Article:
The stone, which was once red or yellow, now tends more towards grey, and the sunrise or sunset floods the site with a thick, powdery golden light that should not be missed. Angkor is not overrated, far from it, the stones are talkative, the jungle rustling and the history grandiose.
The carved frescoes are fascinatingly precise, the huge blocks of stone are so well fitted that it is sometimes difficult to discern them. And over metres of corridor are told the battles, dynasties and monarchs that took place here for seven centuries.
The delicacy of the faces, the hands, the finesse of the sculpted drapes, the smiles of the statues, you have to take your time to really appreciate all these details.

Some golden rules to visit Angkor

  • Take your time, don’t run.
  • Do not touch statues, friezes, bas-reliefs, etc. This will dirty and damage them.
  • Do not get angry in the queues. Temples are sometimes only accessible by a very steep narrow ladder: only one visitor at a time!
  • Bring plenty of water as it is very hot here. Also take a snack or two as the day promises to be long.
  • Get up early to enjoy a bit more peace and quiet. However, don’t be under any illusions, many visitors arrive as early as 4am for the sunrise on the Bayon… and it’s a rush.
  • Visiting the site is quite expensive. 40$ per day, 60$ for a 3 day pass and about 75$ for the week. But it’s not much compared to what you can see there.
  • Spreading the visit over several days allows you to really take the time to discover the site without saturating it. At best, with the 7-day pass, it is possible to organize the visits in half days. Double advantage: less fatigue and curiosity, enthusiasm will be less quickly dulled. It will also allow you to take some time to visit the surroundings of Siem Reap: the silk factory, the craftsmen, the shows, the Tonle Sap, etc.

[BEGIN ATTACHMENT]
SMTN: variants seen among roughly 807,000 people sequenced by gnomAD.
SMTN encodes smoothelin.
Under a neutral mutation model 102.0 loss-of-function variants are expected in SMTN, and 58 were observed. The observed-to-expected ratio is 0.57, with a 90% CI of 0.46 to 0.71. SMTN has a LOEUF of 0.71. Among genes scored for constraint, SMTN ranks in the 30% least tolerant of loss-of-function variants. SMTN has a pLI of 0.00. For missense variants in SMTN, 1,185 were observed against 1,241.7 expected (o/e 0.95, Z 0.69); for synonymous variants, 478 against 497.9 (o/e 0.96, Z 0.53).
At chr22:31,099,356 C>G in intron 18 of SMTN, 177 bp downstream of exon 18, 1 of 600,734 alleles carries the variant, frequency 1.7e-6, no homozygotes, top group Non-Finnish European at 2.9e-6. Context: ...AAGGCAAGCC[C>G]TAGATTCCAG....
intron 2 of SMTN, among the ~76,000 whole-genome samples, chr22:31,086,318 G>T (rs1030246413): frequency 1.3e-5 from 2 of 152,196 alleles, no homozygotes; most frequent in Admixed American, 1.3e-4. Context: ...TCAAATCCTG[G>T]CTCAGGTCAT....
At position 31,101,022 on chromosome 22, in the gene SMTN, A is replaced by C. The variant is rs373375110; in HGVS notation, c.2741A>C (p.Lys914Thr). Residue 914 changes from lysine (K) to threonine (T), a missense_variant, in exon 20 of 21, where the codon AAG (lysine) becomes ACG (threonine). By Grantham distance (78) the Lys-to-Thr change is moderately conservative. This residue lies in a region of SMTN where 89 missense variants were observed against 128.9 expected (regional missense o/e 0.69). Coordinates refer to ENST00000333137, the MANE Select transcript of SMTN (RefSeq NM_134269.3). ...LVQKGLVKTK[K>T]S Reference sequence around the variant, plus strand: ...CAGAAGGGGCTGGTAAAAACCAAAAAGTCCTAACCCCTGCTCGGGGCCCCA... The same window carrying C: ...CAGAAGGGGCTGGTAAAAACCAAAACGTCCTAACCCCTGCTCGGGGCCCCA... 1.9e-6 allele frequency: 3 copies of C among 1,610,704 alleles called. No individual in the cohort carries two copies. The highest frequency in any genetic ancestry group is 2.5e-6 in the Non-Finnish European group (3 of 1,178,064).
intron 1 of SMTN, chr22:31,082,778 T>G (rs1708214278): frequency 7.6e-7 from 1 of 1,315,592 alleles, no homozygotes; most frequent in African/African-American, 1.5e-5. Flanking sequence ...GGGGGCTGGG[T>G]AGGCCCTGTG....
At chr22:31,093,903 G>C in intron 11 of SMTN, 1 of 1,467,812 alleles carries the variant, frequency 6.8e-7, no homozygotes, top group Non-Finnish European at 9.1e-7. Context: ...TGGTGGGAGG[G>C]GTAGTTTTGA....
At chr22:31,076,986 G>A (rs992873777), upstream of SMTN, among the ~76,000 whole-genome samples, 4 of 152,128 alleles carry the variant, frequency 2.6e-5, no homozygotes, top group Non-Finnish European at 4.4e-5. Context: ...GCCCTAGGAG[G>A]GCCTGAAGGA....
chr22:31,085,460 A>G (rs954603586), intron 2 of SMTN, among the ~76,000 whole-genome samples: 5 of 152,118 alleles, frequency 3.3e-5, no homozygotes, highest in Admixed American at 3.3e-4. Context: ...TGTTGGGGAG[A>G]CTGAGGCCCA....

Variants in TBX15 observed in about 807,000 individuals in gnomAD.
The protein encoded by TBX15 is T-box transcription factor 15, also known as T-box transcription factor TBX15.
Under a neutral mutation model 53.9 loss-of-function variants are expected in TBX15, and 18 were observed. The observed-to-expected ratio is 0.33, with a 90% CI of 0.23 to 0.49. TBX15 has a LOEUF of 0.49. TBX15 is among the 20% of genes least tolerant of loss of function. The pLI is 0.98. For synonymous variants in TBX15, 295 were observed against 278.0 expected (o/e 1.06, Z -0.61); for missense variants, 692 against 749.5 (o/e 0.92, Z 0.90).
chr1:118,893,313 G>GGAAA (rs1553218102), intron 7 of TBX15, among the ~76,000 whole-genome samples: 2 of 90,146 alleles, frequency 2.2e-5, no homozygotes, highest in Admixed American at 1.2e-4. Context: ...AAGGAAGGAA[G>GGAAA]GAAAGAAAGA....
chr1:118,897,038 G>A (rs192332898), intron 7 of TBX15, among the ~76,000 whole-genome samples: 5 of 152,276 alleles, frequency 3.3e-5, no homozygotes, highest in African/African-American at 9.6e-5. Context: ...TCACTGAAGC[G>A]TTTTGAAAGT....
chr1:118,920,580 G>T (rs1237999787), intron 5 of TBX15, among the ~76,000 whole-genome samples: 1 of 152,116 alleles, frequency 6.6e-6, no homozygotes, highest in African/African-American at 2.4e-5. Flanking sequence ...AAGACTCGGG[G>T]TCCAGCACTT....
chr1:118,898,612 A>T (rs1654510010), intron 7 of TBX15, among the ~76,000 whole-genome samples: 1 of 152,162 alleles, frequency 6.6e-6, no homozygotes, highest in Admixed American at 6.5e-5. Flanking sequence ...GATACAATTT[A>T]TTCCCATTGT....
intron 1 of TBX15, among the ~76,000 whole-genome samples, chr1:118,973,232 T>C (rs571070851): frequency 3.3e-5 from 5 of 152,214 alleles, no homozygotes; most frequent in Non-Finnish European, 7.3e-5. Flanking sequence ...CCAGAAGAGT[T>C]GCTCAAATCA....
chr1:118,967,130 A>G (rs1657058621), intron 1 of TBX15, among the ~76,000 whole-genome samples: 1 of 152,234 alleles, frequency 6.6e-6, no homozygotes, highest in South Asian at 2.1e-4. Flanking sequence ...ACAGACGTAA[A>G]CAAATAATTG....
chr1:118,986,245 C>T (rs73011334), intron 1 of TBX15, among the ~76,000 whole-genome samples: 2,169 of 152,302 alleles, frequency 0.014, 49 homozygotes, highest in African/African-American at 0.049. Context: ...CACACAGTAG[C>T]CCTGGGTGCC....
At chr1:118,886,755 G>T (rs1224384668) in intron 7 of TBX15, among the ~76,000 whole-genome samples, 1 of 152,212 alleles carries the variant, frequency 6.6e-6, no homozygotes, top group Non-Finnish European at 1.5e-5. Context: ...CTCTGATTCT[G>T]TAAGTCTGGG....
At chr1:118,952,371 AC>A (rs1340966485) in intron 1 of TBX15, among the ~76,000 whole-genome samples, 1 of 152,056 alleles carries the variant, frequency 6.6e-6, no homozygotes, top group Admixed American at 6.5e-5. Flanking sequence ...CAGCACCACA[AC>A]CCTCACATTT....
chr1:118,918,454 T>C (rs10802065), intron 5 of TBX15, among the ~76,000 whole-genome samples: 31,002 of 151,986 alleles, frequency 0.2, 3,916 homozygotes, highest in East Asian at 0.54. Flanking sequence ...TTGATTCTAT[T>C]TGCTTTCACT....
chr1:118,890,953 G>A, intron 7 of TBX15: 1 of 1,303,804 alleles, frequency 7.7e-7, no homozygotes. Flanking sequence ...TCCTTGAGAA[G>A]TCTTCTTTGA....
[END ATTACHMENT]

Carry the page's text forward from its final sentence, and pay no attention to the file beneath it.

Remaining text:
• Grouping together for a Tuk-tuk is more economical!
  • Negotiating the price of a Tuk-tuk is normal.
  • Drivers are very routine for visits and tours, they are generally reliable.
  • Some offer to take a cooler on board to store drinks and food. This is a real plus in temperatures around 40° and high humidity. For a few more riels or included in the price, it’s up to you to discuss it.
  • Do not throw anything on the ground and limit plastic waste. In terms of eco-responsibility, Cambodia is still not very developed.
  • The site is full of vendors of handicrafts, postcards and trinkets of all kinds. In order to make the tourist fall in love with them, it is often children who offer them. Find out before you buy, by making this activity lucrative for the family, you may take away these children’s chances of going to school.

More tips about culture to discover?

It’s permanent, often touching, sometimes exhausting or downright annoying, begging is international. How to react to this harassment in the countries we visit?

Leave a comment

This site uses Akismet to reduce spam. Learn how your comment data is processed.


Vous aimez cet article ? Partagez-le ou réagissez !

error: Content is protected !!